11. Chemomechanical Excavation is More Time-consuming Than Rotary, but not Necessarily Hand Excavation.

    Science.gov (United States)

    Schwendicke, Falk

    2015-12-01

    Systematic review and meta-analysis of randomized clinical trials on chemomechanical caries removal. Hamama, H., et al.Oper Dent 2015;40(4):E167-178. Falk Schwendicke, DDS, PhD PURPOSE/QUESTION: How valid were the methodologies of studies on chemomechnical caries removal, and is chemomechanical caries removal more time-consuming than conventional hand or rotary excavation? Information not available Systematic review with meta-analysis of data Level 3: Other evidence Grade C (no patient-centered/relevant outcomes). Copyright © 2015 Elsevier Inc. All rights reserved.

  12. Quantity of remaining bacteria and cavity size after excavation with FACE, caries detector dye and conventional excavation in vitro.

    Science.gov (United States)

    Lennon, Aine M; Attin, Thomas; Buchalla, Wolfgang

    2007-01-01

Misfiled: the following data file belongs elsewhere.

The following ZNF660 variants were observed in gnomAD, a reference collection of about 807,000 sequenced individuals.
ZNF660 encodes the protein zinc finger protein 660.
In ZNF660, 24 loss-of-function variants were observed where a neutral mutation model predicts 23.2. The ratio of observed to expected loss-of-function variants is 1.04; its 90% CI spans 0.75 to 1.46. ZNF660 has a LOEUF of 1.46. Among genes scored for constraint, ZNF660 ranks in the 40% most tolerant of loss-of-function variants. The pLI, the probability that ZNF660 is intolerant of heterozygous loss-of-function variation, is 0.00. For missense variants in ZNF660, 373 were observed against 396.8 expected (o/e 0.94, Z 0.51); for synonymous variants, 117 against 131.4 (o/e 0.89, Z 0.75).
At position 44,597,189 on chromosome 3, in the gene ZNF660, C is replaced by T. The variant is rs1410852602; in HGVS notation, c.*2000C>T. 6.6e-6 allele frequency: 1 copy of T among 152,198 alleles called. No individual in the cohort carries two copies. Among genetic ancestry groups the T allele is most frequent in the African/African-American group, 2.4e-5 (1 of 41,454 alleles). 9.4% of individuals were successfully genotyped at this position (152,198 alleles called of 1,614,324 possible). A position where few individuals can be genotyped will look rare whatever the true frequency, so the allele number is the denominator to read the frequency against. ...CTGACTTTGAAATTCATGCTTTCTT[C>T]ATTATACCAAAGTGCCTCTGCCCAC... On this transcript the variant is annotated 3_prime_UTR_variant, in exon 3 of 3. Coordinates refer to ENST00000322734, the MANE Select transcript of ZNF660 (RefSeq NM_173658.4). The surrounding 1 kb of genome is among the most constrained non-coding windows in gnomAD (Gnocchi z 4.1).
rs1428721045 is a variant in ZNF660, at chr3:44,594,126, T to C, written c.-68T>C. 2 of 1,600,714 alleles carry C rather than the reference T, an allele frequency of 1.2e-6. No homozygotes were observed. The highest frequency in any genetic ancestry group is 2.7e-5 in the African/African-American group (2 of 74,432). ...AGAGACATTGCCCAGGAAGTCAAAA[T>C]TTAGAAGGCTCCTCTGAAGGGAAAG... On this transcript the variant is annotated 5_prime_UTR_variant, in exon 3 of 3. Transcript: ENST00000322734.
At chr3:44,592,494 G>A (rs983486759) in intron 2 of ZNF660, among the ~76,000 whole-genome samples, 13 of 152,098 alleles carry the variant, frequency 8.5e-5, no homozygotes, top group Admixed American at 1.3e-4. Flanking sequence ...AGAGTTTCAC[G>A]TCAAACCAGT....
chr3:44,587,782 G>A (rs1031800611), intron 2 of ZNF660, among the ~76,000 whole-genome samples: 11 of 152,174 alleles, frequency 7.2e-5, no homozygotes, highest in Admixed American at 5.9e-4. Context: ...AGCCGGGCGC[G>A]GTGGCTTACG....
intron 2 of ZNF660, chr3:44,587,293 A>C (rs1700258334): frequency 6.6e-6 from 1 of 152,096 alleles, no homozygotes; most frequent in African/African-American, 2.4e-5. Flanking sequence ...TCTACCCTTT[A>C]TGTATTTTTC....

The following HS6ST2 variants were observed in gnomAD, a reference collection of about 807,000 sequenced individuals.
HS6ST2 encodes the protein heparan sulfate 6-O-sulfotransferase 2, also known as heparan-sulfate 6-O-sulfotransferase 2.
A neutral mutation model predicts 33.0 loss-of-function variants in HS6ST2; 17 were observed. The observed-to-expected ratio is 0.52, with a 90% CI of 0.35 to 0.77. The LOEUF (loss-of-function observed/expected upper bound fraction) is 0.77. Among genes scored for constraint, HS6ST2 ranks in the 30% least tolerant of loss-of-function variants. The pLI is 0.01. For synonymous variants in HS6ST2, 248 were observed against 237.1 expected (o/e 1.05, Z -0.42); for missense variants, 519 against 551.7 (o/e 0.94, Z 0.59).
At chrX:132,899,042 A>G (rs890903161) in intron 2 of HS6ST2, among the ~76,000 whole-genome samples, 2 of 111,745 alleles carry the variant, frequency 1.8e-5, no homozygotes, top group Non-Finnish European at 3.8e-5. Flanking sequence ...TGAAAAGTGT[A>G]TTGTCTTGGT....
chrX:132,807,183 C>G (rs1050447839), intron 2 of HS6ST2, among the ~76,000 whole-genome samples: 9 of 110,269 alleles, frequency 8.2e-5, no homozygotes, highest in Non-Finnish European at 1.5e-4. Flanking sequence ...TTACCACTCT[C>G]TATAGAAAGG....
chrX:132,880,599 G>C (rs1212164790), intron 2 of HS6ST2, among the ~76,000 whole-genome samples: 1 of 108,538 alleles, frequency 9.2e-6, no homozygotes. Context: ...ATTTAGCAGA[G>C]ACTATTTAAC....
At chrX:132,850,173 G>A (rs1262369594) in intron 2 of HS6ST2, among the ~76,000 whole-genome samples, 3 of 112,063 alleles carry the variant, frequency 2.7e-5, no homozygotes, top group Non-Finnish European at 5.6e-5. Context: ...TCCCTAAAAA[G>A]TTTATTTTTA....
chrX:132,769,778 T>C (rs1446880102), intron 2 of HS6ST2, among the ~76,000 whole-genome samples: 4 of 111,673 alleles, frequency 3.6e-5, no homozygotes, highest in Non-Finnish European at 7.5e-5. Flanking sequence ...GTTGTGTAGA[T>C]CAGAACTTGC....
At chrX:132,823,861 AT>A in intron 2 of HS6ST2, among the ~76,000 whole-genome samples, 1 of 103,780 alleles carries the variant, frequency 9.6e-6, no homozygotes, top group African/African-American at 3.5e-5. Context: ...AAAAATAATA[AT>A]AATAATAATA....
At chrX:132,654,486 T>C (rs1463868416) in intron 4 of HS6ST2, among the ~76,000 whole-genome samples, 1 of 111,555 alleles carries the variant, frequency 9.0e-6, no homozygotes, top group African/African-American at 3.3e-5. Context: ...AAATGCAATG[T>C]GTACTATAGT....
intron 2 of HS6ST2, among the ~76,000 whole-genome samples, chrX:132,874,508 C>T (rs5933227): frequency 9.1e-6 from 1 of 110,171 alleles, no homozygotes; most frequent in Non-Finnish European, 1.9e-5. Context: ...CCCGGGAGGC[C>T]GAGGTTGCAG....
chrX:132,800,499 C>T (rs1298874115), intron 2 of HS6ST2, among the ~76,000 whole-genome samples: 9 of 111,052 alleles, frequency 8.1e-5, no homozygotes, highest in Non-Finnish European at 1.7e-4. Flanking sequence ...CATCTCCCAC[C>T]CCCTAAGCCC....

In this in vitro study, quantitative confocal microscopy was used to show differences in the quantity of bacteria remaining in dentin after excavation with different methods. A further parameter was the cavity volume after excavation relative to the original lesion size. Teeth with dentin caries were divided into three groups of 20 each. The caries was removed by a single operator using a slow handpiece and a round bur. In the first group, Fluorescence Aided Caries Excavation (FACE) was carried out: violet light was used to illuminate the operating field and the operator observed the cavity through a high-pass filter and removed the orange-red fluorescing areas. The second group was excavated using Caries Detector, while the third group used conventional excavation. After excavation, cavity volume was measured; samples were stained for bacteria with ethidium bromide, and they were examined using confocal microscopy under standardized conditions. The bound stain was quantified in terms of fluorescence intensity on the confocal images. Total pixel intensity was significantly lower in the FACE Group than in the Caries Detector group (p = 0.046) and in the conventional excavation group (p = 0.021). Differences in cavity volume relative to original lesion size were not statistically significant (p = 0.86, 0.35 and 0.51). Within the limitations of this in vitro study, it can be concluded that FACE is more effective in removing infected dentin without significantly increasing cavity size when compared to conventional excavation and excavation with the aid of caries detector dye.